Study shows kids have a huge influence on big household purchases.

More than half of UK children want their parents to switch to electric or plug-in hybrid cars to become more eco-friendly, new research suggests. A study of some 1,250 seven- to 12-year-olds by French car maker Peugeot found 54.2 percent have tried to get their parents to be more environmentally friendly by recycling, reusing and even switching their car.

More than two-thirds of the children questioned extolled the virtues of electric vehicles (EVs) and plug-in hybrids, with 67.8 percent believing the zero-emission-capable cars are good for the planet. And the study also quizzed the parents, of whom 55.3 percent said their children wanted them to own an electric car in the future.

Peugeot’s research also revealed the role children play in their parents’ purchase decisions, with more than seven in 10 kids saying they are consulted when it comes to big buys. Some 72.2 percent said they were asked about or involved with purchases such as cars or holiday destinations.

David Peel, the managing director of Peugeot UK, said the study’s results were encouraging, with youngsters promoting EVs. He also said the influence children have on their parents would help change consumers’ behaviour.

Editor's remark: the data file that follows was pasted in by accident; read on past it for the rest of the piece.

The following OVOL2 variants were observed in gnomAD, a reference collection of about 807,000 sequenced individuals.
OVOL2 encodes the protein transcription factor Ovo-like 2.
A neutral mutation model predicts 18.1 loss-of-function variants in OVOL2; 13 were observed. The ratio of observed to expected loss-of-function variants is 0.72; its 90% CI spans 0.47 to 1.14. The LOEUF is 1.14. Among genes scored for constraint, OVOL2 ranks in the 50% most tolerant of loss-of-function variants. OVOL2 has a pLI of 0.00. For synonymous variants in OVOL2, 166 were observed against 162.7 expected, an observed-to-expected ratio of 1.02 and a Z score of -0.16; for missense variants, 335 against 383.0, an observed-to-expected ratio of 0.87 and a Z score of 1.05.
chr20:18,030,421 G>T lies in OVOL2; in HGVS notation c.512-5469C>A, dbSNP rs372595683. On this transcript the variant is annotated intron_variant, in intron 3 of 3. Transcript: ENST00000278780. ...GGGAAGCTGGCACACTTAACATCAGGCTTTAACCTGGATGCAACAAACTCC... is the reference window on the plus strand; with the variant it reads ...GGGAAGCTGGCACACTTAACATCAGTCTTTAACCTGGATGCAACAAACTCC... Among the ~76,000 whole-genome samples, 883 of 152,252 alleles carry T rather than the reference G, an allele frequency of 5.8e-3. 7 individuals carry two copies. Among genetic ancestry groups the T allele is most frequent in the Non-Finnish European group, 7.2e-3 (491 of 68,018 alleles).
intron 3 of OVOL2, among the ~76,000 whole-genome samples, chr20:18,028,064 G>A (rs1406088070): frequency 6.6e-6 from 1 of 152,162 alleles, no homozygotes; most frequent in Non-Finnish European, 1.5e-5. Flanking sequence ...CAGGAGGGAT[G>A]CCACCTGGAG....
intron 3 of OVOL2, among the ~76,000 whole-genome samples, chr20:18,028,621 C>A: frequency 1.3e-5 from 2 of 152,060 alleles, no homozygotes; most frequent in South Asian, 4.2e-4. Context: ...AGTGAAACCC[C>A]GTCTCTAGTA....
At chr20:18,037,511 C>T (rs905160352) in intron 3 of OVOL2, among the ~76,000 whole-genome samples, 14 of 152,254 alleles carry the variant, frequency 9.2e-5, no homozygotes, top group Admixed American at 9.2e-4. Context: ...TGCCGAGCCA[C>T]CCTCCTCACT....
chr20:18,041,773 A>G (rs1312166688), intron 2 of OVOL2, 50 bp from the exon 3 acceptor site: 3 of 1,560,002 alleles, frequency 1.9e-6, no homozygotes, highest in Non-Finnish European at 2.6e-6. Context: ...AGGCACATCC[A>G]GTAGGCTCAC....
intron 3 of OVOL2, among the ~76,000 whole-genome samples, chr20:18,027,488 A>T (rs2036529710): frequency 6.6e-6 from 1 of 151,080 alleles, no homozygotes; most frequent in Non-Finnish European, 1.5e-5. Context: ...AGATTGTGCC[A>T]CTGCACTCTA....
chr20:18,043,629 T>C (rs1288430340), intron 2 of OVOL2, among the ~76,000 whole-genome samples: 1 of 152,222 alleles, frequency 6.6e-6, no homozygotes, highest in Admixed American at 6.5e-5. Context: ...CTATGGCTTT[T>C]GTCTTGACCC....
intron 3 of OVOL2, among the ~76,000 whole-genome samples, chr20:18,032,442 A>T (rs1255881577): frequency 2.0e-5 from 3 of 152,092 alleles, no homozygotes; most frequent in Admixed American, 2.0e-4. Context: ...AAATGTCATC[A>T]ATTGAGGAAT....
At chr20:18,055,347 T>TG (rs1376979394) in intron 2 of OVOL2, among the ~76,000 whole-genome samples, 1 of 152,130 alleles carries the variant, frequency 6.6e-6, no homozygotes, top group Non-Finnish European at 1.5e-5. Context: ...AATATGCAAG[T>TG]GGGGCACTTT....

“It’s great to see the next generation of car buyers so interested in full electric and plug-in hybrid vehicles, and to know that they understand the positive impact these vehicles have on the environment,” he said. “With this in mind, it’s really positive to see through our research how influential children are in the purchase decisions their parents make.”

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The news comes in a year that has already seen increases in the number of electric cars hitting British roads. According to the Society of Motor Manufacturers and Traders (SMMT), which collects data on the UK’s car registrations, electric vehicle sales were up by 165 percent during the first nine months of 2020. By the end of September, more than 66,000 new EVs had been registered, compared with 25,000 during the same period in 2019.

That result, which came despite the coronavirus pandemic almost completely shutting down UK factories and dealerships, saw EVs’ market share rise to more than five percent. And the story has been similar for plug-in hybrid cars, which now make up 3.4 percent of new car sales. Some 23,000 new plug-in hybrids were registered during the first nine months of 2019, but that rose to more than 42,000 during the same period in 2020.

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